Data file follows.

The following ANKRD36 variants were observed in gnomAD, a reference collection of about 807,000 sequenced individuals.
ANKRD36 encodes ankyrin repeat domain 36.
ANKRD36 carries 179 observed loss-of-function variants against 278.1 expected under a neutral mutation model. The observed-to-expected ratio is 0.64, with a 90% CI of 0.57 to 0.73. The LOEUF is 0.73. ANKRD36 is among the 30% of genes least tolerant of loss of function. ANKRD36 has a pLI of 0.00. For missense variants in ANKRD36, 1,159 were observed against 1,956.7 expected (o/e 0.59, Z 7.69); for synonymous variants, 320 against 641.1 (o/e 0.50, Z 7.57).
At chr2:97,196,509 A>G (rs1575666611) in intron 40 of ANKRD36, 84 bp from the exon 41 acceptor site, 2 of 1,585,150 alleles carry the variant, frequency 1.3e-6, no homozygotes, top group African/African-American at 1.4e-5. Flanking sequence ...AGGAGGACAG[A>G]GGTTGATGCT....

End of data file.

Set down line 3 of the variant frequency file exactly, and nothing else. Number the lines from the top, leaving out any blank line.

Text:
ANKRD36 carries 179 observed loss-of-function variants against 278.1 expected under a neutral mutation model. The observed-to-expected ratio is 0.64, with a 90% CI of 0.57 to 0.73. The LOEUF is 0.73. ANKRD36 is among the 30% of genes least tolerant of loss of function. ANKRD36 has a pLI of 0.00. For missense variants in ANKRD36, 1,159 were observed against 1,956.7 expected (o/e 0.59, Z 7.69); for synonymous variants, 320 against 641.1 (o/e 0.50, Z 7.57).